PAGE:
I-TEAM INVESTIGATES: Expiration dates for household items

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Monday, January 28, 2019
(News 12 at 6 O’Clock / NBC 26 at 7)

(WRDW/WAGT) – We’re usually concerned with expiration and "best used by" dates in refrigerators, but did you know there are things outside of your fridge that could make you sick after a certain date too?

It’s the age-old kitchen question we ask ourselves multiple times a week – “What’s the expiration date on that?”

Liz Owens: “What’s the biggest thing in your fridge that you are concerned about expiring?”
“Milk. Milk, every single time. And eggs.”

It’s the magic number we use to determine when something is no longer good. But there are things we don’t think of every day that also need to be checked.

For example, germs love to breed on wooden spoons, so it’s suggested to toss those out after two years. And a wooden cutting board? That has a life span of three years.

Diane Wood knows to throw out her toothbrush every two to three months, but her hairbrush? She couldn’t tell us how old that staple tool was. But that brush could give her dandruff after using it for a year.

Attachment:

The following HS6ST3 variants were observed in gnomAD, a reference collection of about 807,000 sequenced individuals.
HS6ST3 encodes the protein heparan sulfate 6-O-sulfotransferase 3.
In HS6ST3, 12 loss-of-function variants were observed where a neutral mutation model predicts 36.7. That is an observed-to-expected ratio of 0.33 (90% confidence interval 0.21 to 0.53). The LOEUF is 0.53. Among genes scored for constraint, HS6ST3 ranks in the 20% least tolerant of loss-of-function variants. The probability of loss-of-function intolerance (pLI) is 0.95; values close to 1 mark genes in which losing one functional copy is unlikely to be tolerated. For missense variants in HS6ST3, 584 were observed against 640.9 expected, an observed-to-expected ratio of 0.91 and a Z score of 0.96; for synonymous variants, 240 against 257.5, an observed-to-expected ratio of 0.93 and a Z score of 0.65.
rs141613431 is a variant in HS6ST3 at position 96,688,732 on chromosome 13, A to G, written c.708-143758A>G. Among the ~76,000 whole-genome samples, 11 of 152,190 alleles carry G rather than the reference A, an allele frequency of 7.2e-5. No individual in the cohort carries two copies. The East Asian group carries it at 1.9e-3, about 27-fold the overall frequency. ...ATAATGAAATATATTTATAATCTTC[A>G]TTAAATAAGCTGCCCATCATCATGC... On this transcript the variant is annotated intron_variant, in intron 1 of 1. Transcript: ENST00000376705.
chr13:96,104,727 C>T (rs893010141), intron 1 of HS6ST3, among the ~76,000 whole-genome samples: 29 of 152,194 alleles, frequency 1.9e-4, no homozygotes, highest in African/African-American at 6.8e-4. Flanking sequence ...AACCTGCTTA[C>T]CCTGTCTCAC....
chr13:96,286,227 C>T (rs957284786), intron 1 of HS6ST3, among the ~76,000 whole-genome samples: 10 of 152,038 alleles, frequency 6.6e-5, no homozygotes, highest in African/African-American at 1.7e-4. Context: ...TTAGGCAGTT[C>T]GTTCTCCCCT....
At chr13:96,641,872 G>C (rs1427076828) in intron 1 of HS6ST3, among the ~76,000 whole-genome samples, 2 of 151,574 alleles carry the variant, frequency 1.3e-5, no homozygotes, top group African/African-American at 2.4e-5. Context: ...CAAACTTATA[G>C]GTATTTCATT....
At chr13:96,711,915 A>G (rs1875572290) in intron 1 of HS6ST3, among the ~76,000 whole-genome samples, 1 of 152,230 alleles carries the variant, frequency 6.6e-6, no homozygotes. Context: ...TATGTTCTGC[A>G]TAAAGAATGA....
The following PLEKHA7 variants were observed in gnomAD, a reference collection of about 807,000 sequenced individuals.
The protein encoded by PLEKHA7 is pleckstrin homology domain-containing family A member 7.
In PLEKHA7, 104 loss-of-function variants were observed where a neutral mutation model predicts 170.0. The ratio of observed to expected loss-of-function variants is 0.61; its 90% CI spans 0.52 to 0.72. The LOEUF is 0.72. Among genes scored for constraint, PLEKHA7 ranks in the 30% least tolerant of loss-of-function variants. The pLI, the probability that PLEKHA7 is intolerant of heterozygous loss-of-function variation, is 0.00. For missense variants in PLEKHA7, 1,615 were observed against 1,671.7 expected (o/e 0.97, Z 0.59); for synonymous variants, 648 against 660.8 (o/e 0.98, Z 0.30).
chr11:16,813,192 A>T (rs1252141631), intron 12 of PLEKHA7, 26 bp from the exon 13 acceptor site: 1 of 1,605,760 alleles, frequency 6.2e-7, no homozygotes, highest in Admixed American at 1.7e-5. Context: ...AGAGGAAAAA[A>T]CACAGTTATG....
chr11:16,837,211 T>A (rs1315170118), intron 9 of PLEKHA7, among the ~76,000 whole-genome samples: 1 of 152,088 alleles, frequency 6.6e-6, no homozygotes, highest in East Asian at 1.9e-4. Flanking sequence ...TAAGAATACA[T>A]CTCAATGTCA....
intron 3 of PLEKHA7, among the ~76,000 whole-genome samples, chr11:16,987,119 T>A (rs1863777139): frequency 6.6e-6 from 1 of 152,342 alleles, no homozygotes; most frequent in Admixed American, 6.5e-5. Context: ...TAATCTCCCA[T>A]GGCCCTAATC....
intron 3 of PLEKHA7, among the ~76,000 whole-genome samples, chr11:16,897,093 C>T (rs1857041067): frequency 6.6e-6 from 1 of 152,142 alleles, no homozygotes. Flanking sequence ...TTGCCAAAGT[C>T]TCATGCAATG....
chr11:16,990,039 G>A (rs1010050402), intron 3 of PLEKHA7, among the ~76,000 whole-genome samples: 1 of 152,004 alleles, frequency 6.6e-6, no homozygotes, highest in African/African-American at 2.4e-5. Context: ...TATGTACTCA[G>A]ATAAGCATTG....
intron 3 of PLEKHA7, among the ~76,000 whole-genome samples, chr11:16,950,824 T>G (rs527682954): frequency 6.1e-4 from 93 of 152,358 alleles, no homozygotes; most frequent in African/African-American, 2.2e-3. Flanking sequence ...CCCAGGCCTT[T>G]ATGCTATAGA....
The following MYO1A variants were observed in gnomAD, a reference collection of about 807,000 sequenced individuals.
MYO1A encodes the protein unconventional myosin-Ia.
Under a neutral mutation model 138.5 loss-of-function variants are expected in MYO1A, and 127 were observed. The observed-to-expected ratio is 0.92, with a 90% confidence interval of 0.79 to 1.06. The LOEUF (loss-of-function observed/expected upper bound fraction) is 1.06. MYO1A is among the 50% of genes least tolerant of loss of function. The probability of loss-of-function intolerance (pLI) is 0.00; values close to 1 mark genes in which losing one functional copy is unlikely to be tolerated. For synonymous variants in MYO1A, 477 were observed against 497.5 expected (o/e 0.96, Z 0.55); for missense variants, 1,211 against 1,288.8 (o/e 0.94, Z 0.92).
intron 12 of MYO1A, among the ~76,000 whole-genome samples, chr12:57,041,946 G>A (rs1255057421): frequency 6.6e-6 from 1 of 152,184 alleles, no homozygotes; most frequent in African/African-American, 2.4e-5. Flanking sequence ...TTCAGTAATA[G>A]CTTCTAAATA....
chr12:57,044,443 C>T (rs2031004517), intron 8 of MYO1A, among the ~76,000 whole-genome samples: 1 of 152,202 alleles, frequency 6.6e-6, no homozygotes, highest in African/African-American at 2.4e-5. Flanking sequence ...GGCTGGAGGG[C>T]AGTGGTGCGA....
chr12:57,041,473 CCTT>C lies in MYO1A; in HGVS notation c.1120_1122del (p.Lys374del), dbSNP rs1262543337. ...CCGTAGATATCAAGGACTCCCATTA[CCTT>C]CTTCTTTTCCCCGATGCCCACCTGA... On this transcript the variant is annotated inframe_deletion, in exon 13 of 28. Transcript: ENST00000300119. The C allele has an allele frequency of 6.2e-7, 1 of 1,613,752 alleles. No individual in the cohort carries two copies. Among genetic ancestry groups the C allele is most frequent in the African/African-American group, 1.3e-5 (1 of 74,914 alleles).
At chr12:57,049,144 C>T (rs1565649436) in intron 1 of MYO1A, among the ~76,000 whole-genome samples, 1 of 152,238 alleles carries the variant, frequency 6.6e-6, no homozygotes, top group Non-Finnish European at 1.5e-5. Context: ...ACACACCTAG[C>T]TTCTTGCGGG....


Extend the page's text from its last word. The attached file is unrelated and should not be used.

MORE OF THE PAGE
We asked Diane about a blanket we saw in her home as well. She told us that’s only four months old, so it’s safe from dust mites for a bit longer. Those little critters like to sneak into pillows after three years.

We sorted through the fridge to find out a few other expiration periods:

Salad dressing – 12 months after “best by” date
Soda – nine years
Tabasco sauce – five years

It's also good to know the FDA doesn't require expiration dates on food products. Manufacturers do it. Here is what their labels mean:

Best by: For consumers; a sign of when flavor or quality is at its peak.
Sell by: For the store; a sign for how long to keep a product on shelves.
Use by: For consumers; a sign of when to use a product by for the best quality.

The dates are for quality, not safety.

The one thing the FDA does set an expiration date for is baby formula.